Skip to main content
Premium Trial:

Request an Annual Quote

NIAID's HIV-1 Program Funds Genetics

NEW YORK (GenomeWeb News) – The National Institute of Allergy and Infectious Diseases will give grants to investigators who will use various methods to understand HIV-1 persistence in patients using anti-retroviral therapy, and to generate information that can be used to develop new assays or treatments.

The Basic Research on HIV Persistence grant program will involve studies of the genetics of host and virus, immunology, systems biology, and virology, NIAID said in a request for applications.

The institute expects that this is the first in a series of funding programs aimed at understanding the basic mechanisms of HIV persistence and then using that knowledge to develop ways to control and eliminate the cells that carry the virus.

Because the nature and scope of these programs may vary widely, NIAID said that it anticipates that the size and length of the awards will vary, and it did not release a projection for individual investigators or a specific amount for the program.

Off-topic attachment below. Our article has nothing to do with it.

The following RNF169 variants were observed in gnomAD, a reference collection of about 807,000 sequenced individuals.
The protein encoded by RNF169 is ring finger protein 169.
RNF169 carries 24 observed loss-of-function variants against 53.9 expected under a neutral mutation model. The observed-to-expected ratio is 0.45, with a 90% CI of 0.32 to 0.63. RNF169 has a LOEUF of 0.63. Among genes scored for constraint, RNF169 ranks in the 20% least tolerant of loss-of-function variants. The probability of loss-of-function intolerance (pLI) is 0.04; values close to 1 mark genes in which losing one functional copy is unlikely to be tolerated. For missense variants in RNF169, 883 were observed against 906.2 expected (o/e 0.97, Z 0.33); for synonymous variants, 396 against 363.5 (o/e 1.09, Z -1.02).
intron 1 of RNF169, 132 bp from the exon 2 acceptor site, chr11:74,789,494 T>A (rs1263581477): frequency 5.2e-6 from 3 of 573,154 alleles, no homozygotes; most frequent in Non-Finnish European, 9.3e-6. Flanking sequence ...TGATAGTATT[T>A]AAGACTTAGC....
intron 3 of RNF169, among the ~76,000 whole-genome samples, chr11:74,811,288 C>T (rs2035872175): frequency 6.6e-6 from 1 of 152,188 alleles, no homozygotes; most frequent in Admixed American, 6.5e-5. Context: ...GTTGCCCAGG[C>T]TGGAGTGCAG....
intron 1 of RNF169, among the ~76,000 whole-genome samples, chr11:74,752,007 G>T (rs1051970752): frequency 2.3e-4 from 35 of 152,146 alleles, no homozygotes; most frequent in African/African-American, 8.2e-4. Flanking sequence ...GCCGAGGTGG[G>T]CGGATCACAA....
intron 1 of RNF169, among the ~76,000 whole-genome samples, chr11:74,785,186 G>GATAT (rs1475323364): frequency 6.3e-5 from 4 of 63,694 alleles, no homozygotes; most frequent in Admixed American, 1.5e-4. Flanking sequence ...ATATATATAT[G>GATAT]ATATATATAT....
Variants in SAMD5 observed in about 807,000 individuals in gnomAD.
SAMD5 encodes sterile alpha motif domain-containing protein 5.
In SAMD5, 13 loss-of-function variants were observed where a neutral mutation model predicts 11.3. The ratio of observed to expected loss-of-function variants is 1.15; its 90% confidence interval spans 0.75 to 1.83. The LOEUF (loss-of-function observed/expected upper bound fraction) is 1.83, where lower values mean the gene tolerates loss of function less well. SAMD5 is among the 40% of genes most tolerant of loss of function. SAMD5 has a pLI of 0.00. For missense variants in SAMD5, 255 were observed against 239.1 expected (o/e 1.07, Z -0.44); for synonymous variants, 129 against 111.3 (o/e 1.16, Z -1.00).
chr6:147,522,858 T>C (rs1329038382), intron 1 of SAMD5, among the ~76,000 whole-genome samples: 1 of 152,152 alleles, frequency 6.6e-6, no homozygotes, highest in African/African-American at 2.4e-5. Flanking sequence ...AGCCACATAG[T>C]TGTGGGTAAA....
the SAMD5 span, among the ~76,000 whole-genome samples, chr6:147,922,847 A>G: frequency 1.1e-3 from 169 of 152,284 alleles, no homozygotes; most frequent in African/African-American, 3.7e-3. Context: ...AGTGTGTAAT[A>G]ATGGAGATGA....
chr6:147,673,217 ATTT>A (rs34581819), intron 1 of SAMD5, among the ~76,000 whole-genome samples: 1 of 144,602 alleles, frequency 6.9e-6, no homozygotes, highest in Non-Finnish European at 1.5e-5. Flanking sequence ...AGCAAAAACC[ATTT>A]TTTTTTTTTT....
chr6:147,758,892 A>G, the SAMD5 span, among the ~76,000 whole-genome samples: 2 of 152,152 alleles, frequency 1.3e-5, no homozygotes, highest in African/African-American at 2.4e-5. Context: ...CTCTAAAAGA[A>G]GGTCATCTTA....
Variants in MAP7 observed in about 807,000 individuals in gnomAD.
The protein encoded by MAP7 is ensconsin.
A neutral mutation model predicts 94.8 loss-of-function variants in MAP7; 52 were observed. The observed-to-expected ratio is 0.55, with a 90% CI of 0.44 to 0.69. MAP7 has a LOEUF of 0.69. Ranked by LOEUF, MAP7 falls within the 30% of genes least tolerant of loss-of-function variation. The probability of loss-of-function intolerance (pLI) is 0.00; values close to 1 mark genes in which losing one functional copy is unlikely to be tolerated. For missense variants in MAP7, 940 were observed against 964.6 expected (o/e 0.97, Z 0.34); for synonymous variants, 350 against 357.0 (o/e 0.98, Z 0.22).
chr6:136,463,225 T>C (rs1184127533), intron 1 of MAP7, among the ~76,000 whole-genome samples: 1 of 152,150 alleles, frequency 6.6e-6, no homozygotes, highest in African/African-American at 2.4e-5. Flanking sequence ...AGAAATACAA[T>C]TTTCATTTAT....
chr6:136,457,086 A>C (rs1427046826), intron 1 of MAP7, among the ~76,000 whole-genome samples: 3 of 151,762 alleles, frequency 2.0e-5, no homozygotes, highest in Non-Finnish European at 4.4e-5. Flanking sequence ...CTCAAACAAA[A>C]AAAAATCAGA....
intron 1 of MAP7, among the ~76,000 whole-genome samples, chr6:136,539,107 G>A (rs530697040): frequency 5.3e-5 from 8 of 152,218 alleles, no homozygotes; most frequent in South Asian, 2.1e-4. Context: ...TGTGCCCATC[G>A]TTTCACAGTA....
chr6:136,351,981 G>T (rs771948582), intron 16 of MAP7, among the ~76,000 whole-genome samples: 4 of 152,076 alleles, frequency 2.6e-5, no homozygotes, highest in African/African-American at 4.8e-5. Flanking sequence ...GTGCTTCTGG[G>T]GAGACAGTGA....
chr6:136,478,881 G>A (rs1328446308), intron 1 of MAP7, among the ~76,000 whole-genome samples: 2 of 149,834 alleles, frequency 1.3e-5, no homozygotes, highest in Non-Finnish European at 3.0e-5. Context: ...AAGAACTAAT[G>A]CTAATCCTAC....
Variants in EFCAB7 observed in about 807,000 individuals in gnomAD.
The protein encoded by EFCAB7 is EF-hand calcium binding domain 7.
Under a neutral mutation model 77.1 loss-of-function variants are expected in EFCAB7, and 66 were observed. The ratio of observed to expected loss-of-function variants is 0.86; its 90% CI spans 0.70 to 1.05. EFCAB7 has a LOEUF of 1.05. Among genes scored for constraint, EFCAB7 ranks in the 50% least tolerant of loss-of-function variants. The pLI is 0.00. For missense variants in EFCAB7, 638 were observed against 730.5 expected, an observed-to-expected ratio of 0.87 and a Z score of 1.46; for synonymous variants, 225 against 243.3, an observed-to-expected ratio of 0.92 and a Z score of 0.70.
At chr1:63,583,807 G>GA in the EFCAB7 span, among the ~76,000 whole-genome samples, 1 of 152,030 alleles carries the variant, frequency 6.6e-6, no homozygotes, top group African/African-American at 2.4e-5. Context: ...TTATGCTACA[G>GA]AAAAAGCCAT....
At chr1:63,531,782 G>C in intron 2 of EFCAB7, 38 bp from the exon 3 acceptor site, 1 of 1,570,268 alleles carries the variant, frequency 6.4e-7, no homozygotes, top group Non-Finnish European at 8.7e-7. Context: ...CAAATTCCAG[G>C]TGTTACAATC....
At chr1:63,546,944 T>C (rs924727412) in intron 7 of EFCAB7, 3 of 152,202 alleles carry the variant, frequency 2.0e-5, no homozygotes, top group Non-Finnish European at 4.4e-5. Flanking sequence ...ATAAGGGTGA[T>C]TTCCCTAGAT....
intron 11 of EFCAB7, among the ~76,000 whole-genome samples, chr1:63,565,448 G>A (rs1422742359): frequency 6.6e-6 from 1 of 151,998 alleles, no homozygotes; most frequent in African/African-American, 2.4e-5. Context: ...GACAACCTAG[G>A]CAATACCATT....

The institute is encouraging researchers to study all aspects of latent viral infection, including mechanisms that are responsible for creation, maintenance, and removal of residual viral infection, new assay development, mathematical, cell, and animal model development, and new technologies.

The programs could involve studies of transcription factors that are present and can be activated in the relevant cell type, and they could involve developing new technologies to standardize isolation and quantification of viral RNA and viral DNA from cells and tissues, and nanotechnology. They also could develop methods for detecting and measuring diversification of viruses in reservoirs, and assays to accurately discriminate and measure viral DNA in integrated or unintegrated forms. Researchers also could develop mathematical, cell, and animal models for latency, including bioinformatics approaches, said NIAID.

The Scan

Billions for Antivirals

The US is putting $3.2 billion toward a program to develop antivirals to treat COVID-19 in its early stages, the Wall Street Journal reports.

NFT of the Web

Tim Berners-Lee, who developed the World Wide Web, is auctioning its original source code as a non-fungible token, Reuters reports.

23andMe on the Nasdaq

23andMe's shares rose more than 20 percent following its merger with a special purpose acquisition company, as GenomeWeb has reported.

Science Papers Present GWAS of Brain Structure, System for Controlled Gene Transfer

In Science this week: genome-wide association study ties variants to white matter stricture in the brain, and more.